Everyone knows — or at least every Jew knows — the story of Hanukkah’s origins, the story of how just a tiny amount of oil miraculously burned for eight days. And they know that, in the spirit of that story, Hanukkah is celebrated in part by eating foods fried in oil, such as latkes and doughnuts.
But in much of the world, Hanukkah also is celebrated by eating salty cheeses. And for that, there is another and equally fascinating — though in the United States lesser known — story.
The short version goes something like this: Around 2 B.C., a Jewish widow saved her people by ingratiating herself with an enemy general, plying him with salty cakes of cheese, then wine to quench the thirst it brought. When he fell into a drunken stupor, she lopped off his head with his own sword.
When this story became associated with Hanukkah is unclear. Jewish cookbook author Joan Nathan says that Hanukkah most likely was originally celebrated around the winter solstice and that the role of oil was related to the light it helped create during this darkest time of year.
Olive oil became an important part of this “festival of lights” and the foods eaten during the celebration were a nod to this, as was the story of the miraculous and essential oil. Latkes, or pancakes fried in oil, were initially made of eggs and flour or sometimes cheese, and this could be when the story of the salty cheese cakes took off.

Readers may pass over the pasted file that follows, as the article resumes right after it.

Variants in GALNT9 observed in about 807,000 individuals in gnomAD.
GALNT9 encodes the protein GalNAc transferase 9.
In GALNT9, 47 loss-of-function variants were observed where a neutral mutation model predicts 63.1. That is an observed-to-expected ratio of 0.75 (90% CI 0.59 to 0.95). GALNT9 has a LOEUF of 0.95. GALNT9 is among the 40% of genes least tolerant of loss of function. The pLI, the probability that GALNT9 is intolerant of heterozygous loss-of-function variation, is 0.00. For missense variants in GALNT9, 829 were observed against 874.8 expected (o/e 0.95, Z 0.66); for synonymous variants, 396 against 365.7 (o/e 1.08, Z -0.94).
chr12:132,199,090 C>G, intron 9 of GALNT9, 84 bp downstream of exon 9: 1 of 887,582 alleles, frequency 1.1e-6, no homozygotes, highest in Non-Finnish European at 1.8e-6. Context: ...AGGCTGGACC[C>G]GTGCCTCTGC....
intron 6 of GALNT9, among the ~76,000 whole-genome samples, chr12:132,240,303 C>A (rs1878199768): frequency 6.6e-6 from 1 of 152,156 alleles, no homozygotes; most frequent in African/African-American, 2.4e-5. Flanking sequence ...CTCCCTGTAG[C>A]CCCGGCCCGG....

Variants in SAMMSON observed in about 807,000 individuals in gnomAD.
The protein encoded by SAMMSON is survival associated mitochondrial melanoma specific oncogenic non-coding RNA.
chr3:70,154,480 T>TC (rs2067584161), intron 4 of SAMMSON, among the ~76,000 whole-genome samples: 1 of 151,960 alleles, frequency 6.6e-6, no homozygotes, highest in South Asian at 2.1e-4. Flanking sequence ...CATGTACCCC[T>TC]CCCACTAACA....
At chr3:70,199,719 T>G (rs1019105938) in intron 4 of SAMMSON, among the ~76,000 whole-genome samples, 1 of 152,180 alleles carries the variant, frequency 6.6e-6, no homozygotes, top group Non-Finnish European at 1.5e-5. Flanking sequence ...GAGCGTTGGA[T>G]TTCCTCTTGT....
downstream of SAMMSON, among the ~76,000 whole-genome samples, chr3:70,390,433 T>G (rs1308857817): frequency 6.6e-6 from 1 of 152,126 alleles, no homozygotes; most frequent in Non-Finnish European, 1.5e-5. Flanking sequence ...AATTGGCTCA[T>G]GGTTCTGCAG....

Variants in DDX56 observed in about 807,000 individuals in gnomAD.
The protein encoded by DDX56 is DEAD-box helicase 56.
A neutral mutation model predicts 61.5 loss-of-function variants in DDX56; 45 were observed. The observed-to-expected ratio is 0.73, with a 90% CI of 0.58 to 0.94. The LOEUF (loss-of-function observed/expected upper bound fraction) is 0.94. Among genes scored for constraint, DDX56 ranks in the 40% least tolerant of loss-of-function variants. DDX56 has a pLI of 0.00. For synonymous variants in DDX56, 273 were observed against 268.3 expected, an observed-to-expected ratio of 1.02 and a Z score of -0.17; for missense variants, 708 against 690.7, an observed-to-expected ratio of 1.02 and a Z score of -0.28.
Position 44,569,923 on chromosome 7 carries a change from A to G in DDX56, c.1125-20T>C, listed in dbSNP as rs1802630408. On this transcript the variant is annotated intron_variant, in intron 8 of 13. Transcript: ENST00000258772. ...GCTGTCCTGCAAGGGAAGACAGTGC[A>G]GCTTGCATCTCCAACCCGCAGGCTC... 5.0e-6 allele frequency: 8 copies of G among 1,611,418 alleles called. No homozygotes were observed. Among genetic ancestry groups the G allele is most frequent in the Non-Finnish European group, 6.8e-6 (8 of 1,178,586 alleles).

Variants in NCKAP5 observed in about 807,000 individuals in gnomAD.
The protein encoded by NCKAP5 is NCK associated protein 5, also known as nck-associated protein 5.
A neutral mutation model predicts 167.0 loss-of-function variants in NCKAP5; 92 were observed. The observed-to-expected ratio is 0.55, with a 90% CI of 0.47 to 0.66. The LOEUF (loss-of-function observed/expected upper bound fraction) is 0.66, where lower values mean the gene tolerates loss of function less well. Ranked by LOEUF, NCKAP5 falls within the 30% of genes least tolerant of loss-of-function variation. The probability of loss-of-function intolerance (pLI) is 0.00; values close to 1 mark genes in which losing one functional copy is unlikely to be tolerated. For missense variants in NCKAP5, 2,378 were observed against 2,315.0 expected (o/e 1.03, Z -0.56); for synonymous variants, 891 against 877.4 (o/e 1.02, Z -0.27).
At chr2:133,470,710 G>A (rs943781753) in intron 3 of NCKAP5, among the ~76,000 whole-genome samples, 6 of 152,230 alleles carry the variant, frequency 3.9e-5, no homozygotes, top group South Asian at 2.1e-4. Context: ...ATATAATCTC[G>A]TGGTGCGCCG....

Jews in Southern Europe gravitated toward the Hanukkah dairy tradition and often prepared a variation of savillum, a traditional Roman cheesecake made with ricotta, eggs, flour and honey.
The potato latke came later, says Nathan, when locals adapted the fried pancake tradition to a crop they had on hand in great abundance.
Dennis Wasko, a kosher chef from Chicago, grew up with the oil tradition of Hanukkah, but in recent years has added dairy to his family’s tradition. He likes to make a Sephardic-style cheese fritter called bunuelos de queso, which are made with eggs, flour and a salty dry cheese such as Greek mizithra, ricotta salata or even farmer’s cheese.
The mixture is formed into little balls or pancakes, then fried in oil (tying in the other popular Hanukkah tradition) and served drizzled with honey.
Wasko says that he has even commemorated the story of the widow and the general more literally by serving a dish of salty cheese along with some wine to quench the thirst it inevitably creates. Of course, he leaves the beheadings out of the celebration.